Handrails are a key safety feature of nearly every multi-level structure. Like most safety elements, handrails are regulated by international codes – specifically, the International Residential Code (IRC) and the International Building Code (IBC). These codes dictate important safety features for residential and commercial properties, including handrail load requirements. While straightforward, these codes can be confusing for those not directly involved in the construction industry. Not sure how to move forward when it comes to handrail load requirements? We dove into the most recent IRC and IBC guidelines and outlined the highlights.
Handrail Load Requirements
General Handrails and Guard Requirements
The most recent IBC guidelines outline updated handrail load requirements for both businesses and residential properties. According to the 2018 guidelines, handrails must resist a linear load of 50 pounds per linear foot (plf) in accordance with Section 4.5.1 of ASCE (American Society of Civil Engineers). The codes certainly contain a lot of acronyms to remember. However, working with a professional on your handrail installation will help you keep the codes straight.
Concentrated and Intermediate Loads
According to the most recent IBC guidelines, handrails and guards must be able to resist a concentrated load of 200 pounds. That means that handrails should be able to withstand a 200-pound load applied in a downward direction within two inches of the top edge of the top rail. Intermediate rails are also something to consider. IBC guidelines also describe “intermediate rails” as all rails except the actual handrail – for example, support rails. The guidelines explain that intermediate rails must be able to resist a concentrated load of 50 pounds.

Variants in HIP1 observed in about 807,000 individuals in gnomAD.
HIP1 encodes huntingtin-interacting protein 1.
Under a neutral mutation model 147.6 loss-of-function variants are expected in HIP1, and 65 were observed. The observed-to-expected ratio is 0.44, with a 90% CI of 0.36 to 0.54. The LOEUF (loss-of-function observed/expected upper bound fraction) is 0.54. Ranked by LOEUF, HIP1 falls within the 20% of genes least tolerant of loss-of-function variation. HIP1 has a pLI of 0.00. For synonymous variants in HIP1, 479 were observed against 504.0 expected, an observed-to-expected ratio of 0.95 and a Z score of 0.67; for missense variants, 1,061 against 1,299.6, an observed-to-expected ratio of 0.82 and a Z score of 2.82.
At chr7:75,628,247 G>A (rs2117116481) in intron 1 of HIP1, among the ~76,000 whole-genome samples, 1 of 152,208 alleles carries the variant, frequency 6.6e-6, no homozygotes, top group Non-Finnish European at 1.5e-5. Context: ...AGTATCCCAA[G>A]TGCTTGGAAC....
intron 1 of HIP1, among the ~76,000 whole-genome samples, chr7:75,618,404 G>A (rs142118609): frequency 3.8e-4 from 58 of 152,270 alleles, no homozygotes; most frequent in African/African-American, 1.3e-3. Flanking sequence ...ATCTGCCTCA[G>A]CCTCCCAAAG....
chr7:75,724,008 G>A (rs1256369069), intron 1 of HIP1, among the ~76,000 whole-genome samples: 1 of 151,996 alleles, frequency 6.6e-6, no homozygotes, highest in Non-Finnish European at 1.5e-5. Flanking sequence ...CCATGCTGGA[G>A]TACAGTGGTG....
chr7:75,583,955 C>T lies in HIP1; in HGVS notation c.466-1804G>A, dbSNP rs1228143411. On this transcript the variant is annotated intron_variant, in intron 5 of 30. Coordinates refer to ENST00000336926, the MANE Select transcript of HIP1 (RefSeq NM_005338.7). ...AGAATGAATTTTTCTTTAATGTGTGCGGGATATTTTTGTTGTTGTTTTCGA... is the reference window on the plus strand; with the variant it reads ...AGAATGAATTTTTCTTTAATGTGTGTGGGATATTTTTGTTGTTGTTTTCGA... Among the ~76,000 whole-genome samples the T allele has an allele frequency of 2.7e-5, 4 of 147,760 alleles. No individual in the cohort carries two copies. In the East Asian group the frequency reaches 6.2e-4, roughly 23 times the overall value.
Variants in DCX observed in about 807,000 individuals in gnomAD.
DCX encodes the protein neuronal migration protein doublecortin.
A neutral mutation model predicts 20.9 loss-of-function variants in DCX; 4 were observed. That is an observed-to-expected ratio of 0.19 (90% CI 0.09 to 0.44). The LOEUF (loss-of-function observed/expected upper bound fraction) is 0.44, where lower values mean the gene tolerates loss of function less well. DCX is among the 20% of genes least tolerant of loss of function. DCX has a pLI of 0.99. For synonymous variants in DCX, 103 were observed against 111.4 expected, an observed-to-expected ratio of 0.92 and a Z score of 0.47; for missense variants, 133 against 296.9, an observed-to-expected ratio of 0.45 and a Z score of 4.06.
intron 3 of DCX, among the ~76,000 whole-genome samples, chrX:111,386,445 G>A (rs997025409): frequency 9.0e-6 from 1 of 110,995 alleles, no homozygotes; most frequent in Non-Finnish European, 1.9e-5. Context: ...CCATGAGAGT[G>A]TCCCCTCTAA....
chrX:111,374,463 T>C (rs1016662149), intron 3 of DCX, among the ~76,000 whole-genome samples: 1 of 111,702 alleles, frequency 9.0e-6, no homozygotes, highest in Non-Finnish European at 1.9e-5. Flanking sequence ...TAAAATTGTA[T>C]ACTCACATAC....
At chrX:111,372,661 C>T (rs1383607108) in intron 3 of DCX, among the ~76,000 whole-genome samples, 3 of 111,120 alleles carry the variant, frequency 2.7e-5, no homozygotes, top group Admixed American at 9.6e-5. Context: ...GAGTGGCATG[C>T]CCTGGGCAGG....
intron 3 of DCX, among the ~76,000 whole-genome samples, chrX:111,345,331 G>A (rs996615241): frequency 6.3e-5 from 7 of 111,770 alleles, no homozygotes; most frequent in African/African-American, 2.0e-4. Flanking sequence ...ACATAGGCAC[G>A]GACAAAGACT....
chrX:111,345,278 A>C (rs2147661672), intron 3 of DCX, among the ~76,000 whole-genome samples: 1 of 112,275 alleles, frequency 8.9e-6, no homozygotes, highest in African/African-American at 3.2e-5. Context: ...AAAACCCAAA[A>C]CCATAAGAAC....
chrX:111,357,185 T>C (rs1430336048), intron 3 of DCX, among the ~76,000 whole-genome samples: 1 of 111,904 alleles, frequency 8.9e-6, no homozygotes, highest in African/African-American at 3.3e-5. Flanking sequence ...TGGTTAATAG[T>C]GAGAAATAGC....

One- and two-family dwellings are dictated by both IBC guidelines and IRC guidelines. According to the most recent IRC guidelines, areas that are not accessible to the general public only need to withstand up to 20 pounds per foot. That standard applies for buildings with occupant loads of less than 50 people.
IBC and IRC guidelines are extremely thorough, covering everything from residential stairway rails to bathroom rails in businesses. There are a few other miscellaneous handrail standards outlined in these codes, including those for grab bars, shower seats, and dressing room bench seats. IBC standards mandate that these rails must resist a concentrated load of 250 pounds applied in any direction at any point on the rail’s surface.
Selecting Durable Handrail Materials
Reviewing handrail load requirements will give you a better idea of materials for your project. Once you’re comfortable with the requirements, ask yourself a few questions. For example, will the handrail be located indoors or outdoors? If it’s outdoors, how will it hold up against weather? Ultimately, you’ll want to select materials that will maintain their appearance and load-bearing capabilities for years to come.
Handrail load requirements can be confusing, but with the help of a professional, you’ll quickly crack the codes. Before you get started, make sure to identify your local building codes. Confirm all code requirements with local authorities, who may not have updated local requirements to comply with the most recent IBC and IRC standards.
Looking for an expert to walk you through handrail load requirements? Look no further than Aluminum Handrail Direct. We offer high-quality, maintenance-free aluminum handrails and accessories. All Aluminum Handrail Direct products offer a lifetime limited warranty against defects in workmanship. We also exclusively use materials that, in the course of normal and proper use, won’t crack, peel, blister, flake, rust, or be subject to abnormal weathering. With more than 15 years of experience in the industry, we can help you choose the right railings for your project. We’ll even ship your handrails directly to you to make your building process as easy as possible. For more information, give us a call at 417-409-3179.